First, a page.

Men’s rugby captain Jacob Rumball and his team took home big awards at Queen’s annual varsity athletic banquet.
Boisterous bagpipes and a procession of All-Canadian student-athletes started off the 79th annual Varsity Colour Awards Wednesday night in the ARC.
Members from all 13 Gaels varsity teams were present to recognize athletic accomplishments over the 2014-15 season.
Hockey and basketball players also took home major individual awards, as did a champion rower.
Jim Tait Trophy for outstanding varsity team: men’s rugby
After winning three provincial championships in as many years, men’s rugby finally claimed their first team of the year nod during that stretch.
The Gaels mounted a stirring comeback against the Guelph Gryphons in the OUA final on Nov. 8, prevailing 32-23 at Nixon Field.
According to fourth-year fly half Andrew Carr, the team developed close bonds over the past few years.
“I think it just speaks volumes to the kinds of athletes that we develop in the rugby team,” he said. “I can’t really compare it to anything else I’ve ever experienced. Every single guy on that team is my brother.”
Carr attributed the Gaels’ prolonged success to an atmosphere of selfless play.
“We really thrive on that kind of atmosphere and that’s how we want to be as players,” he said.
“It’s an all-round team effort. I would thank every one of the guys on the team, every guy in the club, every one of the coaches for everything we’ve accomplished.”
Jenkins Trophy for outstanding male student-athlete: Jacob Rumball — men’s rugby
The rugby captain capped off an OUA MVP campaign with one of Queen’s highest solo honours.
A three-time OUA Academic All-Star, Rumball was part of three provincial championship teams during his time with the Gaels.
He’s been an integral part of the program’s Run for the Cure and White Ribbon campaigns, in support of combating breast cancer and violence against women.
Though he wasn’t a top scorer, the fifth-year forward led the way in terms of leadership on and off the field.
He has split his playing career between the Gaels, the Ontario Blues and, at one point, Canada’s Under-20 national team.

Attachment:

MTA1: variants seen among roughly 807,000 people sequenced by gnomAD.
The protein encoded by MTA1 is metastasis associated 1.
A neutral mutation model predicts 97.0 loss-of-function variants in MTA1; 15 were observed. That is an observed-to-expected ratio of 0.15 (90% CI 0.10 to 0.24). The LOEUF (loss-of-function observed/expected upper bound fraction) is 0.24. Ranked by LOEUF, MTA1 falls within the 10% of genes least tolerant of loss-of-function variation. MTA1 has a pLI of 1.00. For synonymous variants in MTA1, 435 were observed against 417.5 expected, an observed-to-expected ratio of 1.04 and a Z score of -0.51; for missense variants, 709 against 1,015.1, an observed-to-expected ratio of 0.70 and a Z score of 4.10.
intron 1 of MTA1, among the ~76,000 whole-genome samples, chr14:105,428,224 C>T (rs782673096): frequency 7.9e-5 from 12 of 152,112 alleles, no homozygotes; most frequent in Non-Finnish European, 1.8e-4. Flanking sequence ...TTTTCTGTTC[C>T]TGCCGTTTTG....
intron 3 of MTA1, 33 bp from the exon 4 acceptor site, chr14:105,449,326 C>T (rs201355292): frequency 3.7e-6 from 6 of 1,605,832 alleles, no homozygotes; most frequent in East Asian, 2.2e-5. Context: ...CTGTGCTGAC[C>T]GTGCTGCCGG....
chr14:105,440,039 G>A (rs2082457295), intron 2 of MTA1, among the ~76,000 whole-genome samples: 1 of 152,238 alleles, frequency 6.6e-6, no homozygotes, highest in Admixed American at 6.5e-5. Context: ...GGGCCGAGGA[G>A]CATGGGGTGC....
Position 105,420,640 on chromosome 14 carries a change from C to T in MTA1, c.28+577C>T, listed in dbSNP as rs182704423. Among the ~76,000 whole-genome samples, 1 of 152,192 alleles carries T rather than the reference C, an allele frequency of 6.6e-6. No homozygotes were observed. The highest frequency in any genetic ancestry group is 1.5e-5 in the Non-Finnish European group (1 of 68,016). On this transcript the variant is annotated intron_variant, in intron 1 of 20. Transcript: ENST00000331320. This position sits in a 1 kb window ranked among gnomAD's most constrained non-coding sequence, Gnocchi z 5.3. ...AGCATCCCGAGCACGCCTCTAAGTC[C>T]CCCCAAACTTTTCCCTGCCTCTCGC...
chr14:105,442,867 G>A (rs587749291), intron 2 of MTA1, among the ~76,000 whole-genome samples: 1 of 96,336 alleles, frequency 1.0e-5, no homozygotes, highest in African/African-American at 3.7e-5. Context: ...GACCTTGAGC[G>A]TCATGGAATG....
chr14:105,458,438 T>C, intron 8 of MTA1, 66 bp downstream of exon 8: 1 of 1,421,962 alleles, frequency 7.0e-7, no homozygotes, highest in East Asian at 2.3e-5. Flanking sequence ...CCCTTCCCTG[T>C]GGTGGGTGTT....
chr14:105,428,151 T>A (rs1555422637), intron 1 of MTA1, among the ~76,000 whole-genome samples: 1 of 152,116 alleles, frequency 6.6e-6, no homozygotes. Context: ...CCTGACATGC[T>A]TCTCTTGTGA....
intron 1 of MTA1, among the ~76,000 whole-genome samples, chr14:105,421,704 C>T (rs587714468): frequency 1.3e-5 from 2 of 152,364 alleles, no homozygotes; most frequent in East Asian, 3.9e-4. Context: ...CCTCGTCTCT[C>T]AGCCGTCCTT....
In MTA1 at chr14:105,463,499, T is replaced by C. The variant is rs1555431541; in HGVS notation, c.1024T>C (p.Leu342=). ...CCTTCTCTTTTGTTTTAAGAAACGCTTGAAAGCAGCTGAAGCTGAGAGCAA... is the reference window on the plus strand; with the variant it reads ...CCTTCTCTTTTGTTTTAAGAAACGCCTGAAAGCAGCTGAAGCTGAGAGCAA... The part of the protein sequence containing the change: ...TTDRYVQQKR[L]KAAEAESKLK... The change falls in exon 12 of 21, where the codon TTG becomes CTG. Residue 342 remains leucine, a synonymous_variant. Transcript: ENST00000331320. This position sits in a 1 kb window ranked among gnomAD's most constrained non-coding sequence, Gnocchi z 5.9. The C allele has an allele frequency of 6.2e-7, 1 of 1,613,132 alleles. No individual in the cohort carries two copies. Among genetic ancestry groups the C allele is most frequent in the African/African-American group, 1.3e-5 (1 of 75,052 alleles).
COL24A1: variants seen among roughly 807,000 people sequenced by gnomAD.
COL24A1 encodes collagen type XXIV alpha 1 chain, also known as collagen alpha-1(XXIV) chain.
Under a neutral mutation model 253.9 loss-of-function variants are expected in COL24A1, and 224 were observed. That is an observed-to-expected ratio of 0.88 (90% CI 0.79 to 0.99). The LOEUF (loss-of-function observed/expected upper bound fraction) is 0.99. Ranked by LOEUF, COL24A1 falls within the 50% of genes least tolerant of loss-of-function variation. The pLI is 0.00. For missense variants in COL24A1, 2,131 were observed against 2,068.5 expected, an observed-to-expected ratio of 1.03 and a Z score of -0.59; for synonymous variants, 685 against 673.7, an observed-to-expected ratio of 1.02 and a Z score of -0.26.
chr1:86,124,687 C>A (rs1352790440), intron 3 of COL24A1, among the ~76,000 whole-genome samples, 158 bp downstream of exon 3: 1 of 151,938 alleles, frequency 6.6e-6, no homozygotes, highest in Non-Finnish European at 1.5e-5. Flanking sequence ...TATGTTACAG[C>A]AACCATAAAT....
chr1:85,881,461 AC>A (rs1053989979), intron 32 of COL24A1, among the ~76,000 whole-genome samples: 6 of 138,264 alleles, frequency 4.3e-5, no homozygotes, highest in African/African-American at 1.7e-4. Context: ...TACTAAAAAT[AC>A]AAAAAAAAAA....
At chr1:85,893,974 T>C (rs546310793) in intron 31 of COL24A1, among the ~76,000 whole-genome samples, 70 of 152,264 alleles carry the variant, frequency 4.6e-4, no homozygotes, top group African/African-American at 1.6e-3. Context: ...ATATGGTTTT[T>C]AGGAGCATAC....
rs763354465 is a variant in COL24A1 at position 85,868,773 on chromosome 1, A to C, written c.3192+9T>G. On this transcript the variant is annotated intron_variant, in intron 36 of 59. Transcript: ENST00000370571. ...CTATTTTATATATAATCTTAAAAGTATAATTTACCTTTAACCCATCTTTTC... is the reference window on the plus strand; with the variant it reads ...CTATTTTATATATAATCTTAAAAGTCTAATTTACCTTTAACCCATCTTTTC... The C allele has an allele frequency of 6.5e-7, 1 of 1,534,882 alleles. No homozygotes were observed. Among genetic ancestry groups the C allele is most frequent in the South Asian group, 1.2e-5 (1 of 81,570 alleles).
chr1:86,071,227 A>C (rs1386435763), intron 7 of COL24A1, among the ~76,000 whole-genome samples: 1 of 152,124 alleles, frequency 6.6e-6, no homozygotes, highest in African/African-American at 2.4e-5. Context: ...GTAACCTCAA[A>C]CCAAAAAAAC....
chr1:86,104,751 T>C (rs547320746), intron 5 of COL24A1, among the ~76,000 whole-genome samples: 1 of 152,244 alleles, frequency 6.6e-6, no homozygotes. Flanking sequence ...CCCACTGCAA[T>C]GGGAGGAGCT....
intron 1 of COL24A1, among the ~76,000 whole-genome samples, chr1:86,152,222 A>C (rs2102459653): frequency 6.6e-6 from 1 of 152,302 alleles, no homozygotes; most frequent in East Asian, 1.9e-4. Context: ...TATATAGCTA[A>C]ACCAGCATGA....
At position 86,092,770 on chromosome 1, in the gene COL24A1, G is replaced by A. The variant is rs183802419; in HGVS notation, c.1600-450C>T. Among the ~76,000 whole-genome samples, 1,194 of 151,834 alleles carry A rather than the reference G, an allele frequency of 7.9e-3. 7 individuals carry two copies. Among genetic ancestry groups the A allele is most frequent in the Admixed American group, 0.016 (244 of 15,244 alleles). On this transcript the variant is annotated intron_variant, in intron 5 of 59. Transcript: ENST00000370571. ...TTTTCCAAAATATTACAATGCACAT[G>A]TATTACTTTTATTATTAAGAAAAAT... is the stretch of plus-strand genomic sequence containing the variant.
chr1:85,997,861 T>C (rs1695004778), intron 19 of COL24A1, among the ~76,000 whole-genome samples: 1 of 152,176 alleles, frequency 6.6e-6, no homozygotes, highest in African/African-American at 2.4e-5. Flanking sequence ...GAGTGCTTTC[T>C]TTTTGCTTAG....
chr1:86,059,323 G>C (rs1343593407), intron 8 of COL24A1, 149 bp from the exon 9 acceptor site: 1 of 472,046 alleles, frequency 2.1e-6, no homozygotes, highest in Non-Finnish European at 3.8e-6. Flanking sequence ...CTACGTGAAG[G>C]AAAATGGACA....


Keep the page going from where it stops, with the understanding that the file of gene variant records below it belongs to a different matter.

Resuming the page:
Rumball wasn’t in attendance to accept the award.
He’s currently playing a short stint with the Hong Kong Rugby Football Club, a club team that participates in Hong Kong’s top level of competition.
Rumball is currently a sales representative at the Journal.
PHE ’55 Alumnae Award for outstanding female student-athlete: Liz Boag — women’s basketball
A three-time OUA All-Star, Boag led her team to two OUA Final Four appearances over the past two years.
Averaging 13 points and three assists per game in 2014-15, she wasn’t only a scoring and passing threat, but a leader as well.
“It’s a great award. I’m just honoured to win in a class of athletes,” she said.
Her most memorable basketball moment with the Gaels, Boag said, was winning the OUA East championship last year, and advancing to the CIS national tournament.
Before she came to Queen’s, she wasn’t used to winning prestigious awards. She was named to the OUA All-Rookie team in 2010-11 and has been improving consistently ever since.
“It’s been a lot of hard work, and it’s definitely paid off.”
Outstanding performance of the year:
Larkin Davenport Huyer — rowing
The third-year rower dominated on the provincial and national stages this year.
After taking a gold and silver medal at the OUA championships, Davenport Huyer moved onto the Canadian University Rowing Championship, where she won gold in the women’s single event.
Davenport Huyer was surprised by — and grateful for — the award.
“I could be here for days thanking people,” she said.
A highlight of the season was her national championship win.
“It was pretty remarkable to win the CU Championships — it was kind of surreal,” she said. “Doesn’t really seem like it happened.”
The OUA All-Star is hoping to build on this year’s success. Davenport Huyer said she’s eyeing a spot on Canada’s under-23 national team, in addition to another season with the Gaels.
Alfie Pierce Trophy for top male rookie: Spencer Abraham — men’s hockey
Joining the Gaels after a stint with the CHL’s Erie Otters, Abraham stormed into university competition this season, winning CIS Rookie of the Year.
His 28 points tied him for most points by a defenceman in the country.
The trophy’s history left an impression on Abraham.
“Obviously, it’s a pretty prestigious award coming from such a historic institution in Queen’s University,” he said. “It’s been around for close to 75 years, I was reading on the plaque. Obviously to win that award, it’s pretty special.”
Last year, this award went to men’s hockey goaltender Kevin Baillie. This year, it could easily have gone to another of Abraham’s teammates — forward Darcy Greenaway.
“Darc, he had an unbelievable season. I wish we could share all these awards because he’s just as worthy,” Abraham said.
“I think individual awards are a reflection of the 28 guys in our room. They play a big part in it, so I think I owe a lot to them.”
Alfie Pierce Trophy for top female rookie: Addi Halladay — women’s hockey
This OUA Rookie of the Year brought a deft offensive touch to the Gaels, finishing third in scoring on the team.
The first year bagged the award thanks in part to her 23 points over the regular season.
“It’s pretty prestigious. There were a lot of great candidates there tonight,” she said.
The top female first-year had a slew of people to thank.
“I have to thank my teammates, my captains and my coaching staff. They’ve been here for me the whole year since day one. They made the transition easy for me.”
— With files from Adam Laskaris
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